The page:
Had the Hogs beat SMU in the regular-season finale, they would tied for the conference championship and have made their first Cotton Bowl trip since the 1975-76 season, but the Mustangs nudged Arkansas, 31-28. The Razorbacks also were within a 4th-and-1 dropped pass of beating Auburn and Bo Jackson in the Liberty Bowl but fell, 21-15, to the Tigers.
Quarterback Brad Taylor wasn’t the ideal quarterback for Hatfield’s Wishbone-based offense, but he was a gunslinger that season throwing darts to sophomore targets James Shibest and Donnie Centers and senior Bobby Joe Edmonds out of the backfield. Freshman Tony Cherico was a super-quick, surprise standout at nose guard for Arkansas on defense.
Bobby Petrino / Staff photo
Talent-wise this team reminds me a bit of what Morris is taking over this season. There is ability, but not enough of it. The big difference though was that Taylor was an experienced and talented quarterback, who was a rugged and tough leader.
Taylor had one of the best arms of in terms of accuracy and strength in Arkansas history. His arm wasn’t on Joe Ferguson or Ryan Mallett’s level in terms of strength, but it was the next level down. Taylor was far more mobile than either of those two and was more accurate than Mallett.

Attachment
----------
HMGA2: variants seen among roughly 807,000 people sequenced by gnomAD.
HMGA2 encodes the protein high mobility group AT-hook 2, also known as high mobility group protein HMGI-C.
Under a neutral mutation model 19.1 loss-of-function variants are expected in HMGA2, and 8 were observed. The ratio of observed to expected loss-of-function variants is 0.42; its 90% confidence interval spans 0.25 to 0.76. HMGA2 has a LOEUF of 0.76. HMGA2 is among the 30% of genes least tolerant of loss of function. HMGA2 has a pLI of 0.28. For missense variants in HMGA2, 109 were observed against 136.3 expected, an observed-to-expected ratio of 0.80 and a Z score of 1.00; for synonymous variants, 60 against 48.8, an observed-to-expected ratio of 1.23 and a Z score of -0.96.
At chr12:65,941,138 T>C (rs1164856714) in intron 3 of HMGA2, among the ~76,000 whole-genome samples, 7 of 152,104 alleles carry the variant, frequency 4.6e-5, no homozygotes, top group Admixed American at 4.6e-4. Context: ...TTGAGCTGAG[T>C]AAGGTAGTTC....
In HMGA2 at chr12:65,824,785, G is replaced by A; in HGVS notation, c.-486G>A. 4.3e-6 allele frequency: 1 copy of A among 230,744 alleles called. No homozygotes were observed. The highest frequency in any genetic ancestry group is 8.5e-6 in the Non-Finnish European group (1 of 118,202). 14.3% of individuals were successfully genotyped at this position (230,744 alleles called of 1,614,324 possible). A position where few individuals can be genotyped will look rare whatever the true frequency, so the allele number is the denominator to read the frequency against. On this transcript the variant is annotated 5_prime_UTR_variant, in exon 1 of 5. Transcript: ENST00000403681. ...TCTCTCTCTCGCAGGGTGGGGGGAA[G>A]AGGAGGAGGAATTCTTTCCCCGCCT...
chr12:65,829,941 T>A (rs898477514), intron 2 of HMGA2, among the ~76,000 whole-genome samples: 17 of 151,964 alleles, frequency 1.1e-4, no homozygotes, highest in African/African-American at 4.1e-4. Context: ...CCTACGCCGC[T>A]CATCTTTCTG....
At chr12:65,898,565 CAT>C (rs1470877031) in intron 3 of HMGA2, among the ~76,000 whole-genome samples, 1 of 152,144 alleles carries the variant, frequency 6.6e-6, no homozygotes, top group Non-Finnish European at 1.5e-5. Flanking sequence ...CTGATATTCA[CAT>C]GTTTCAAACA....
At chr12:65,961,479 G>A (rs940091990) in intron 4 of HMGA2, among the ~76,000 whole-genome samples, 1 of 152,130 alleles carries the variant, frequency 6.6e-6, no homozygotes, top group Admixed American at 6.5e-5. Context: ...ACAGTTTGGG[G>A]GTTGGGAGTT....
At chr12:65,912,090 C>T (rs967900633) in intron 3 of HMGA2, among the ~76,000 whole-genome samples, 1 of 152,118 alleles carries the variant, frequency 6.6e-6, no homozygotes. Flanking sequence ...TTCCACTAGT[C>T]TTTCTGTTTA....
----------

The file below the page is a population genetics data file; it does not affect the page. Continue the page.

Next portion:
Unfortunately, Morris has no one remotely similar to Taylor in his quarterback room going in to this season.
Nutt didn’t inherit a team from Ford in 1998 as loaded as what Holtz received from Broyles back in 1977, but it wasn’t that far off.
Ford left the Razorback program much healthier than he found it, and he had taught his players how to work, prepare, and be tough especially on the offensive and defensive lines.
Nutt’s first team had a hunger to win that he and his defensive co-coordinators Keith Burns and Bobby Allen stoked with a brand of enthusiasm that lit the team on fire for an eight-game winning streak to start the season.